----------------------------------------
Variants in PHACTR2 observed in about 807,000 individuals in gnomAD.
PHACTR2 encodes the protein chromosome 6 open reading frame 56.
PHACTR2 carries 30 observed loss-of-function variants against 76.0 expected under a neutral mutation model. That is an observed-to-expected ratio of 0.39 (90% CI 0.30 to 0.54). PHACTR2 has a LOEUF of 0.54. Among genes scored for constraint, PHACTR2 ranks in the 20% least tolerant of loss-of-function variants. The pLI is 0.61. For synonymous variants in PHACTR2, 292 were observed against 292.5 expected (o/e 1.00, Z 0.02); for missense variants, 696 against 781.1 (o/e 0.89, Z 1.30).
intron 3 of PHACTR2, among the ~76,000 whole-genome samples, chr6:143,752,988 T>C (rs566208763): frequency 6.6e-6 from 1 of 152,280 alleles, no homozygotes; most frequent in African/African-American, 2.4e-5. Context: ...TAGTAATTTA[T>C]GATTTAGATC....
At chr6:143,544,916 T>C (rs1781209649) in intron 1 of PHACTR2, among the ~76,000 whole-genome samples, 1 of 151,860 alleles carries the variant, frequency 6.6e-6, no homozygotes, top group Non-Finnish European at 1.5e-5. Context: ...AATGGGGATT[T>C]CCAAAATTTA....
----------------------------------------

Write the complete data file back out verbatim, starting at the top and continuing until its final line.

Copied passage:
Variants in PHACTR2 observed in about 807,000 individuals in gnomAD.
PHACTR2 encodes the protein chromosome 6 open reading frame 56.
PHACTR2 carries 30 observed loss-of-function variants against 76.0 expected under a neutral mutation model. That is an observed-to-expected ratio of 0.39 (90% CI 0.30 to 0.54). PHACTR2 has a LOEUF of 0.54. Among genes scored for constraint, PHACTR2 ranks in the 20% least tolerant of loss-of-function variants. The pLI is 0.61. For synonymous variants in PHACTR2, 292 were observed against 292.5 expected (o/e 1.00, Z 0.02); for missense variants, 696 against 781.1 (o/e 0.89, Z 1.30).
intron 3 of PHACTR2, among the ~76,000 whole-genome samples, chr6:143,752,988 T>C (rs566208763): frequency 6.6e-6 from 1 of 152,280 alleles, no homozygotes; most frequent in African/African-American, 2.4e-5. Context: ...TAGTAATTTA[T>C]GATTTAGATC....
At chr6:143,544,916 T>C (rs1781209649) in intron 1 of PHACTR2, among the ~76,000 whole-genome samples, 1 of 151,860 alleles carries the variant, frequency 6.6e-6, no homozygotes, top group Non-Finnish European at 1.5e-5. Context: ...AATGGGGATT[T>C]CCAAAATTTA....